Before continuing with this posting, we would like to acknowledge the heroic efforts of frontline healthcare workers, risking their own health and even lives to save others. These are not the people sending the bills. That would be the private equity-controlled hospitals and specialty groups. it is important to draw a bright line between these cohorts.
You might have read somewhere that surprise bills are not allowed by hospitals taking funds under the CARES Act. This is true. The patient share is limited to what they would have paid in-network.
So who do you think is paying that bill? Look at the person six feet to your left. Now look at that person six feet to your right. All three of you are.
This bill isn’t a price control for out of network providers. The bills don’t automatically get lower. Only the patients are protected. This actually makes surprise-billing much easier, because the employee is not likely to complain if it’s not their bill. Who even reads the EOB? How many employees even know wht EOB stands for?
Recently DirectPath released a report called the Health Care Literacy Gap. In it, they noted that 55% of employees already don’t complain about billing errors, because they don’t feel it’s worth the effort.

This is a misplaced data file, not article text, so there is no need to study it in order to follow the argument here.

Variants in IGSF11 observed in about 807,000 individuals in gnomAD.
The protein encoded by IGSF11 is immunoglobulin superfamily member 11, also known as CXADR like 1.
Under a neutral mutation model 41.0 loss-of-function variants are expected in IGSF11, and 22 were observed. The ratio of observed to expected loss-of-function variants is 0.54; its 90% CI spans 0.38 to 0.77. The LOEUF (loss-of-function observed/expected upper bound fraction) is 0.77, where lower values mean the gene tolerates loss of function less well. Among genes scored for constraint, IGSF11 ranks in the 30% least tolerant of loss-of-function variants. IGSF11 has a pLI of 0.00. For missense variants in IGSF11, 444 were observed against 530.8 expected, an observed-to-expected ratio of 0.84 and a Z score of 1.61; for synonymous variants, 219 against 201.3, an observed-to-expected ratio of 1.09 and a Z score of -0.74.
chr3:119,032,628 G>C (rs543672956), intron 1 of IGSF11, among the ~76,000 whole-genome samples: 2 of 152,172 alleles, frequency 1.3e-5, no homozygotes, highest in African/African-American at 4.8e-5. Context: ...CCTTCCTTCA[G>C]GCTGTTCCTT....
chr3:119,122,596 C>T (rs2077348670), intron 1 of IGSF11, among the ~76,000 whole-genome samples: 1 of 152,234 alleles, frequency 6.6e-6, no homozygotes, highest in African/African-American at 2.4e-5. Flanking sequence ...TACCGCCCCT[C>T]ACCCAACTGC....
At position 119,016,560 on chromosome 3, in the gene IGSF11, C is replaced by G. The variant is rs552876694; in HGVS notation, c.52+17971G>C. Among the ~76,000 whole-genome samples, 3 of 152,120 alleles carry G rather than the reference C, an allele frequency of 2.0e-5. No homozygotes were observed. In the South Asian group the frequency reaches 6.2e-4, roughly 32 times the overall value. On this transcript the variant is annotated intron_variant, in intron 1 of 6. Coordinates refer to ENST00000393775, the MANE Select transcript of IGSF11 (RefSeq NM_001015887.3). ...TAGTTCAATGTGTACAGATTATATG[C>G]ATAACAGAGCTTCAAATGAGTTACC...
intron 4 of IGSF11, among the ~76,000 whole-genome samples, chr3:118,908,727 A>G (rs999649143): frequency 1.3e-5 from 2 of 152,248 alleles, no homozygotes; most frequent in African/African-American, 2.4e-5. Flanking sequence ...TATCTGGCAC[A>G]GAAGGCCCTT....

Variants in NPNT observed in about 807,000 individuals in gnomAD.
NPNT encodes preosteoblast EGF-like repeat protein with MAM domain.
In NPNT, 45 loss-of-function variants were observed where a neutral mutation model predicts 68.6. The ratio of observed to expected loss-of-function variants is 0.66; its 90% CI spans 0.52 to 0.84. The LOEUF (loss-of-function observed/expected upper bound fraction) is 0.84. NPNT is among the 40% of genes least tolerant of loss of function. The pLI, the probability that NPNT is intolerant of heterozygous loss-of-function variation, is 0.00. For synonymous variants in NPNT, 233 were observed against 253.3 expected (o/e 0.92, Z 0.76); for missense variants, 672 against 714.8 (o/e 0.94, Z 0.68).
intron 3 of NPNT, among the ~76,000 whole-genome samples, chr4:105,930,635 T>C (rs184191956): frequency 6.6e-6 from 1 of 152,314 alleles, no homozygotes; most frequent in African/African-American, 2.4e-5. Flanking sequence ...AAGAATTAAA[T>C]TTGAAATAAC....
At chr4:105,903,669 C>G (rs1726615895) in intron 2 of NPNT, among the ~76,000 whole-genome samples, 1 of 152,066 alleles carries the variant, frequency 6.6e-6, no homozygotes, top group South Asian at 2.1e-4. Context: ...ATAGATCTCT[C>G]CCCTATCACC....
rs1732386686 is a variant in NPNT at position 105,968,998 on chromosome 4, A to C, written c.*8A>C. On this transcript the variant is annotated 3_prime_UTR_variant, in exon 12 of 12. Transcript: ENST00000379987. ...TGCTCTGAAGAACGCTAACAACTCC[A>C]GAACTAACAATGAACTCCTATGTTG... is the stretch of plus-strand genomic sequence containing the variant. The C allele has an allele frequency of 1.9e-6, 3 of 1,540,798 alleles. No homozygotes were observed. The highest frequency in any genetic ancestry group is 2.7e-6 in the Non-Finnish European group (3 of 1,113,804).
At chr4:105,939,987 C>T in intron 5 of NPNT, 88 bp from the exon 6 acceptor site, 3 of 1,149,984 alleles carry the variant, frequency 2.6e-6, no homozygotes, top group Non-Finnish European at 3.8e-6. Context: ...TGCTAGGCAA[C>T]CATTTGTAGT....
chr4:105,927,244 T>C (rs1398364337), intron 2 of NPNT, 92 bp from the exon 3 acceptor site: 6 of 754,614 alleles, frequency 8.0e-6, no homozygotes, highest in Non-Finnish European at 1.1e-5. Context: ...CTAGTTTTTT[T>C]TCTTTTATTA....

Why don’t they feel it’s worth the effort? Let’s put it this way: when was the last time you didn’t complain about a billing mistake at a restaurant, hotel, etc. ?(Yes, we know it was more than a month ago. We are being figurative here.) That’s because it’s your money.
But if the waiter or hotel manager came over and, instead of presenting a bill, said the whole thing was on the house? Would you ask to review the bill and point out mistakes? And that’s exactly what could happen if patients are held harmless from out-of-network charges due to COVID.
COVID treatment should be free in any case. But if you read the CARES Act closely, it appears that even patients testing negative who are then treated for something else may be immune from surprise bills. Once again, who do you think is paying?
And you can bet there will be more of them than ever in 2020. That’s because the private equity companies are counting on the facts not just that employees won’t complain, but that your overall healthcare spend will be way down…and as a result you won’t carefully review your individual charges.
This of course doesn’t include the surprise bills employees will get as a result of other emergency visits, admissions, and deliveries. Heart attacks aren’t going away.
Fortunately, there is a solution. You can implement it posthaste. It’s all wrapped up in this podcast. The podcast features not only me, but uberbroker David Contorno, ERISA guru Doug Aldeen, and Rachel Miner, who in addition to being a successful broker, actually had the unfortunate chance to have to use our surprise bill “hack” in a North Carolina emergency room. North Carolina provider are notorious for their high-multiple-of-Medicare pricing, but this hack you’ll be hearing about kept her bill to a paltry 2x Medicare, including for any out-of-network “ologists” consulting on her son’s case.